Pitfalls of Privatization
1. Privatization does not necessarily save money.
Contractors frequently low-ball or underbid to win a contract, raising rates after they get established and agencies have contracted with them.
School district officials, or other government agencies rarely consider "hidden costs" including the cost of converting public services to private providers and the cost of monitoring and enforcing the agreement, which the federal government estimates adds at least 4 percent annually to the total contracting out cost to taxpayers.
Contractors often pad their profits by selling their own equipment, supplies or additional services to the district or agency at a high markup.
2. Private contractors are less accountable to the public and elected officials.
When in-house expertise and equipment are eliminated, the district or agency loses its capacity to provide certain public services and becomes dependent on the private contractor. Termination clauses are rarely invoked by district or government officials because of their financial and political cost.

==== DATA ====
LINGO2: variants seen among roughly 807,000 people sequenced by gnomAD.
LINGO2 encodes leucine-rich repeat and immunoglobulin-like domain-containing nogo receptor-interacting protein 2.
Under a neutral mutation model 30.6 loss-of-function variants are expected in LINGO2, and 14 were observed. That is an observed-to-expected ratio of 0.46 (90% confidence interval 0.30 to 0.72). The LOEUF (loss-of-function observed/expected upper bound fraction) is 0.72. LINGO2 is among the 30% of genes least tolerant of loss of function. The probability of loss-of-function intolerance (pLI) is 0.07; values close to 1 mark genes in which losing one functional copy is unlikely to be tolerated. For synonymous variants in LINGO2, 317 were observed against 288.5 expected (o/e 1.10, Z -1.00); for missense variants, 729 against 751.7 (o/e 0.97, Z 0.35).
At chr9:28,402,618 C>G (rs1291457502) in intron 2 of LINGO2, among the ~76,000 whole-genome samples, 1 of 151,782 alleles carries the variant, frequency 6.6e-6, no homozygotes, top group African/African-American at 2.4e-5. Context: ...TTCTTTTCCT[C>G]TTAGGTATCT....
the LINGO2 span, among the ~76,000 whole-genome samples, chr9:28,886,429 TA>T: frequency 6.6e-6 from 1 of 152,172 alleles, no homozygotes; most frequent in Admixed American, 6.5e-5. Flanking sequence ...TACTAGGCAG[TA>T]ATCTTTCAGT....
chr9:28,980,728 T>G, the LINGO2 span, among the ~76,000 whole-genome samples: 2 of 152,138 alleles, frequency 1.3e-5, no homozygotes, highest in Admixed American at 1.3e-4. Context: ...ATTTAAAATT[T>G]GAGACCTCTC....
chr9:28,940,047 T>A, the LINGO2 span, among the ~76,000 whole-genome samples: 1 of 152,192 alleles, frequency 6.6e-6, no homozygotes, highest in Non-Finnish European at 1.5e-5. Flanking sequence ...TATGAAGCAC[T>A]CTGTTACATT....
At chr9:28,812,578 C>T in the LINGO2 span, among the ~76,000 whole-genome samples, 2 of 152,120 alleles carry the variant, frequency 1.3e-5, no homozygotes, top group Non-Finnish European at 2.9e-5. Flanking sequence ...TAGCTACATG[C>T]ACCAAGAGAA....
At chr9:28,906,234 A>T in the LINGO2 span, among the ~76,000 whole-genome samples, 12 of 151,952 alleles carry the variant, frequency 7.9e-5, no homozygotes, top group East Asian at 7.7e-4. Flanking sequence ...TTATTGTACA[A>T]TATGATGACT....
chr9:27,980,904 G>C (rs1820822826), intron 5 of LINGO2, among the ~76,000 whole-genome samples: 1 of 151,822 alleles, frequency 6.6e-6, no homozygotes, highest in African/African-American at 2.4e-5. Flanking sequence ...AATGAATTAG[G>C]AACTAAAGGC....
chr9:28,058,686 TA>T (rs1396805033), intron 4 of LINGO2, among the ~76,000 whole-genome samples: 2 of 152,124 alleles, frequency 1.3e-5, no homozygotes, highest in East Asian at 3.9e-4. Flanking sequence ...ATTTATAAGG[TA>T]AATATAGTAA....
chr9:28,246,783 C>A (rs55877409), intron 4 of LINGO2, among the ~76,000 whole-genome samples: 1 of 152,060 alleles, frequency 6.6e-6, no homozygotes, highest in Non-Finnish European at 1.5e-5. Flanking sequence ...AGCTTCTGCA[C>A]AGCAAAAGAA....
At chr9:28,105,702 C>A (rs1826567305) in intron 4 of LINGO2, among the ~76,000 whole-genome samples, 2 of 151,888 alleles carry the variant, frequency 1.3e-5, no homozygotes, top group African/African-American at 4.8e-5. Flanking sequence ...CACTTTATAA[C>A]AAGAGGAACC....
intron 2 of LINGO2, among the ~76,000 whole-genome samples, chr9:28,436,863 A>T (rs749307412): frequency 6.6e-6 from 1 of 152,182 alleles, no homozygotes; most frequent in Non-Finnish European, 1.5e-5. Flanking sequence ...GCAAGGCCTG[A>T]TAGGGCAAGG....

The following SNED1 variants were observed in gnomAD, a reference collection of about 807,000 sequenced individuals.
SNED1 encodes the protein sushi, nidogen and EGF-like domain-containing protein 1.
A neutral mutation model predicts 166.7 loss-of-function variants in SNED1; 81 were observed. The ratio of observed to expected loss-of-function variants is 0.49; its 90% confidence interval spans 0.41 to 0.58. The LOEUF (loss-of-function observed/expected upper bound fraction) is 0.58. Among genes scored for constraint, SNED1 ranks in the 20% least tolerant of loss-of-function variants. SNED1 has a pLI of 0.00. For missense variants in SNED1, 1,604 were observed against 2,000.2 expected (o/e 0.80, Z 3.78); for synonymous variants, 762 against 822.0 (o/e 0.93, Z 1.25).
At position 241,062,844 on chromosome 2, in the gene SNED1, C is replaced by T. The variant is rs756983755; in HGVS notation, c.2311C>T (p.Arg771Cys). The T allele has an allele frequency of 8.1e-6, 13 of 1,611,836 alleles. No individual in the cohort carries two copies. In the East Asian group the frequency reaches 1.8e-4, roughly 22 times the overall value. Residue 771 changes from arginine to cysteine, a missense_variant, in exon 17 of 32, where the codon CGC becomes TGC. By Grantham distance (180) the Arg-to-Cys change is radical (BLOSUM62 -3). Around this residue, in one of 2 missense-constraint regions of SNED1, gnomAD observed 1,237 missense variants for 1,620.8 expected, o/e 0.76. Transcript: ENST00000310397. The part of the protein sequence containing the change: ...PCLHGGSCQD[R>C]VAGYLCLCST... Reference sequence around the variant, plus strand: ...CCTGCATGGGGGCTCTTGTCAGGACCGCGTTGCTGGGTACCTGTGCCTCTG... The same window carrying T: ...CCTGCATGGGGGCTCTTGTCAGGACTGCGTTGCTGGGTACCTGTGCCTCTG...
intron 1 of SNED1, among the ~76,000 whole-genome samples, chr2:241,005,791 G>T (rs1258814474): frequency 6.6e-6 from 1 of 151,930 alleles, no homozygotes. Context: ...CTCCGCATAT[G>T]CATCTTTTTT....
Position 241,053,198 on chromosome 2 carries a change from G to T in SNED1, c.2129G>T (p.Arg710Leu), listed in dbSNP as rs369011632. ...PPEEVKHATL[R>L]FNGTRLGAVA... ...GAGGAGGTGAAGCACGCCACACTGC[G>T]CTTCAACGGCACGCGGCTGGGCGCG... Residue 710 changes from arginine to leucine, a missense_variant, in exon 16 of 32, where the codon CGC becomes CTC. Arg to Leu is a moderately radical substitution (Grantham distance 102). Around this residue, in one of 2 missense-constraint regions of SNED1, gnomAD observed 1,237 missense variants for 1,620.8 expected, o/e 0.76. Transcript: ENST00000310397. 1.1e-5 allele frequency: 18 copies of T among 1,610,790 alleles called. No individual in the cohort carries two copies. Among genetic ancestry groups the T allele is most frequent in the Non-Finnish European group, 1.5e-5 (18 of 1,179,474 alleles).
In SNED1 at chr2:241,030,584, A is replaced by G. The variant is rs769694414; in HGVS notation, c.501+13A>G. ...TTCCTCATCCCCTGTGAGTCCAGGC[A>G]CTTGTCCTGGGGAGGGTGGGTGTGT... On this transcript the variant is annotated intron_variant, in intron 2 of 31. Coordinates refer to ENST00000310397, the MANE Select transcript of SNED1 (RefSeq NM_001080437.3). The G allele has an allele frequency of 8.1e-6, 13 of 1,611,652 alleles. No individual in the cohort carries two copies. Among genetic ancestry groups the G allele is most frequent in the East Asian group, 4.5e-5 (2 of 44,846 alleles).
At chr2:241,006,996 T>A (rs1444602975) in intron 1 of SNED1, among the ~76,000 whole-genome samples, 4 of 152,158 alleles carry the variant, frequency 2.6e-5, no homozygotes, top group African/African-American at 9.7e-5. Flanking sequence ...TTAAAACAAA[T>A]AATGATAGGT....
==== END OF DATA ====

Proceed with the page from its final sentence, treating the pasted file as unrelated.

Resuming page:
Private contractors are not required to open their records or decisionmaking process to the public and are not covered by "open meetings" laws or freedom of information acts.
Contracting out increases opportunities for corruption, allowing agencies to award contracts to political cronies or family members.
Lax screening requirements for private contract employees can put the public at risk.
3. Privatization hurts local and state economies.
Contracting-out exports taxpayer dollars from employees and communities to big corporations, often headquartered out of state.
Communities lose public-sector jobs with family-supporting wages and benefits, leading to increased social service costs.
Local companies that provide supplies, services or equipment to government agencies lose out when a large contractor wins a bid and their contracts are canceled.
4. There is an alternative: improve delivery of public services through partnership with front line workers.
School districts and goverment agencies have saved money and improved services by relying on the ideas, experience and commitment of experienced workers, actively involving them in restructuring.
If competitive bidding is established, agencies should allow employees the opportunity to bid on providing services and even allow "contracting-in."